Instead, let us consider trying to toast the marshmallow without completely burning it. The tricky part of this process is getting the perfect golden-brown exterior before the inside of the marshmallow melts completely and the whole thing falls off the stick into the fire in a blaze of glory. To achieve the perfect golden brown, it should be cooked slowly and indirectly, allowing the sugars to caramelize, making heavy use of the campfire’s infrared radiation while mostly avoiding the convection heat. As the outside of the marshmallow gets hot, the sugars/proteins begin to break down and then burn, which produces new flavors and smells, which gives s’mores their characteristic flavor4, 5 (and is also why everyone likes their marshmallow done a different way). It also forms a crust that helps the marshmallow keep its form. What makes the process a challenge is that caramelization of sucrose occurs near 160°C but the melting temperature of sucrose is 186°C, meaning you must keep your marshmallow within a rather narrow temperature range.

Once the ideal (melted and toasted) marshmallow is achieved, the next challenge is getting the chocolate to the perfect melted consistency in the sweet sandwich.

Compared to the marshmallow, chocolate has a much lower melting temperature, around 30°C. When you place the marshmallow in between the chocolate and graham crackers—without them it would be a mess—the marshmallow’s thermal energy is conducted into the chocolate. Assuming the marshmallow isn’t given time to cool after being heated, it should still have a temperature near its melting point of 186°C. We can use the heat transfer relationship for the total energy transferred Q through the chocolate:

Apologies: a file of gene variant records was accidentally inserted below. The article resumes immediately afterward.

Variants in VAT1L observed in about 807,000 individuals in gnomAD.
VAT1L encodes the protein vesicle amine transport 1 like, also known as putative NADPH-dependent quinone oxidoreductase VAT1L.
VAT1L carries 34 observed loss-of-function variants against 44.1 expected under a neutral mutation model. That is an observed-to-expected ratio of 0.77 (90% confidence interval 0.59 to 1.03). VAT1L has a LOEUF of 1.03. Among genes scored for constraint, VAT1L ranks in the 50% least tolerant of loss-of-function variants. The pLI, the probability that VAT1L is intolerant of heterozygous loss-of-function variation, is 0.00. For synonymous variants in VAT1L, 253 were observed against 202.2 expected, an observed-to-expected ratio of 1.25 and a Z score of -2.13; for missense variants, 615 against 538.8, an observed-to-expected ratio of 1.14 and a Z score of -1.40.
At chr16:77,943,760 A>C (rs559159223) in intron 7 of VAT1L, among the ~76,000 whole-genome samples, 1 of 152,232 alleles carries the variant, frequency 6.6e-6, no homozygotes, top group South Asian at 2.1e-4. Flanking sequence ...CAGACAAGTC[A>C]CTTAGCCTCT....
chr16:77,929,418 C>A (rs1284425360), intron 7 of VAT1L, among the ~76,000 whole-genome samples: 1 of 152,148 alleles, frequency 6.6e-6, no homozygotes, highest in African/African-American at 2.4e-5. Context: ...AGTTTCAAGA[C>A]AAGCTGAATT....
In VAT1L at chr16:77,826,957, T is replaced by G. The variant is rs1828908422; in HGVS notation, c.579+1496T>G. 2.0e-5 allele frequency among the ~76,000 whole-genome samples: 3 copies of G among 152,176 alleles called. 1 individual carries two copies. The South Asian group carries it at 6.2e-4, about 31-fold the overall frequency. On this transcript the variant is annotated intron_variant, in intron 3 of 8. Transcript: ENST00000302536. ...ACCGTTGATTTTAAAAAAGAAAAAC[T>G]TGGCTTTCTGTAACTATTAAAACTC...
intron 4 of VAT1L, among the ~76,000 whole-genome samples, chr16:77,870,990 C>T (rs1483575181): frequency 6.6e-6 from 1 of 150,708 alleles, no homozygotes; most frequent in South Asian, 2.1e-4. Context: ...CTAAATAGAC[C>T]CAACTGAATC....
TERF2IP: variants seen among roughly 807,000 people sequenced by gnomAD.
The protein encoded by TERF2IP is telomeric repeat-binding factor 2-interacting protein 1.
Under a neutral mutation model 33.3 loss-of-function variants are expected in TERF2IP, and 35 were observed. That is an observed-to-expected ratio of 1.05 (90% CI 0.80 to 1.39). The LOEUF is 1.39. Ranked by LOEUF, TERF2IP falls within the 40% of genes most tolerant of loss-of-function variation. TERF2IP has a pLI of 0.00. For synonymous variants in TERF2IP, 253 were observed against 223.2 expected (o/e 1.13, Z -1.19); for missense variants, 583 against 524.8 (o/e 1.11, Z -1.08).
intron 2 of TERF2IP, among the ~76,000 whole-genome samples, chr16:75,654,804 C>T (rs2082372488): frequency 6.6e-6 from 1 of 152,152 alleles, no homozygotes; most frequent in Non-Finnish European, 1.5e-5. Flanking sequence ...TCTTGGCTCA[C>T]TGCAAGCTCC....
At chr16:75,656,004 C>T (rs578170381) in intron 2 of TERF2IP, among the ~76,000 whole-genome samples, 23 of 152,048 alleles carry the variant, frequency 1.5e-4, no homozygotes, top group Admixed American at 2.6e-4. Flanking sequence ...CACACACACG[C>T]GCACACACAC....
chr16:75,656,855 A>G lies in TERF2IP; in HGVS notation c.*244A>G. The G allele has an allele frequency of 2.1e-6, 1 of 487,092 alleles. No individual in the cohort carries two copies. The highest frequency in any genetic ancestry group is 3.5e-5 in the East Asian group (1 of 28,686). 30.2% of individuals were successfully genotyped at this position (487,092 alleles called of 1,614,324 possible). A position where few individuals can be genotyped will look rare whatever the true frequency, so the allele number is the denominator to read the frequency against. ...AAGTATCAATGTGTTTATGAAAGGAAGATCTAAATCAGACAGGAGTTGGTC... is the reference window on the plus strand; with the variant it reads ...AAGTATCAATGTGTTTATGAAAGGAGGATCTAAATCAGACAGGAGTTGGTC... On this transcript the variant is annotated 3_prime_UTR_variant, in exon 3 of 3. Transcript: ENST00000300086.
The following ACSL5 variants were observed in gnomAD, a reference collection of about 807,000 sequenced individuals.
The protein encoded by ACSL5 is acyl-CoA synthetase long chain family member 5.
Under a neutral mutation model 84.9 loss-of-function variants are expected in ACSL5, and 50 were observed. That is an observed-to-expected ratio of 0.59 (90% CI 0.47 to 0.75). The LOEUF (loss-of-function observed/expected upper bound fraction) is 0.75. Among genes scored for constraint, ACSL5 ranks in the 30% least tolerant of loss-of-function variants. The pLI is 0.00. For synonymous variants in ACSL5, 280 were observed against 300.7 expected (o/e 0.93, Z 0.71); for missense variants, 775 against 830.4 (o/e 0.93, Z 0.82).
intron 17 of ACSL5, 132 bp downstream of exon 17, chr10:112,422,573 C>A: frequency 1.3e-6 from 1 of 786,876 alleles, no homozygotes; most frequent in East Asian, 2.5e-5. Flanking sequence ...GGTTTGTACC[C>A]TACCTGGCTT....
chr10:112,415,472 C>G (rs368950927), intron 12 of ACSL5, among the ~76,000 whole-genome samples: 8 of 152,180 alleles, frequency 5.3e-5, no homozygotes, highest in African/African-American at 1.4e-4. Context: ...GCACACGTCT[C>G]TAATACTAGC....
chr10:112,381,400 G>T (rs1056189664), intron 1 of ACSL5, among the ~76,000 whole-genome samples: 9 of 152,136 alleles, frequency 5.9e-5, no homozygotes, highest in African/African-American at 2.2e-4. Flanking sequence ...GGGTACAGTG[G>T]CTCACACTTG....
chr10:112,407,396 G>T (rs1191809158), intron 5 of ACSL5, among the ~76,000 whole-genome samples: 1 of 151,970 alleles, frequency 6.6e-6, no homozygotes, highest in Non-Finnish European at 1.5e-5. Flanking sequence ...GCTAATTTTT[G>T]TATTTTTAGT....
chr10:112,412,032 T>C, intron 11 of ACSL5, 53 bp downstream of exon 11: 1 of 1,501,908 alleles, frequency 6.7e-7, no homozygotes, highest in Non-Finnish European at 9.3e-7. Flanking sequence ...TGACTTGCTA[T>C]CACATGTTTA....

Q = kAΔTt/L (Eq. 2)
where k is the thermal conductivity, A is the surface area, ΔT is the change in temperature, t is the time of the heat transfer, and L is the thickness.

Assuming that the chocolate starts at room temperature, to reach the melting temperature it will need to have a temperature change of ~7°C. We can also assume that we’re fairly impatient waiting for the s’more and only let it sit to melt for one minute. Using this information and the dimensions of the chocolate, the chocolate gains ~130 J, which is much less than the energy in the marshmallow! This means that the marshmallow can give off this much energy to the chocolate. But does the whole piece of chocolate melt?

The final part of the s’more is the graham cracker. Unlike the other components in the s’more, the graham cracker doesn’t go through any physical or chemical changes. Instead, it acts as an insulator for the sandwich, containing the heat to melt the treat within. It also doesn’t hurt that it keeps you from getting marshmallow all over your hands.


1) Prove to yourself that the chocolate needs about 130 J to melt using Eq. (2). How impatient could you be and still have it work? This assumes what about the temperature of the marshmallow?

2) Challenge: Now, ignore heat transfer rates and focus on just the total energy gains by the campfire. Assuming the graham crackers are perfect insulators and have a very small specific heat, what will the final temperature of the marshmallow and the chocolate ultimately be?

Check yourself online!6

1. https://nvlpubs.nist.gov/nistpubs/SpecialPublications/NIST.SP.260–176–2018.pdf.
2. American Society of Heating, Refrigerating and Air-Conditioning Engineers Handbook, Refrigeration, 2006.
3. P. Fryer and K. Pinschower, The materials science of chocolate, MRS Bulletin V25, 12, 2000; https://doi.org/10.1557/mrs2000.250.
4. H. McGee, On Food and Cooking: The Science and Lore of the Kitchen, Scribner, 2004.
5. https://www.theverge.com/2017/6/11/15774634/marshmallows-smores-camping-camp-fire-summer-food-science.
6. https://www.spsnational.org/sites/default/files/sites/default/files/files/Puzzler_02202019.pdf.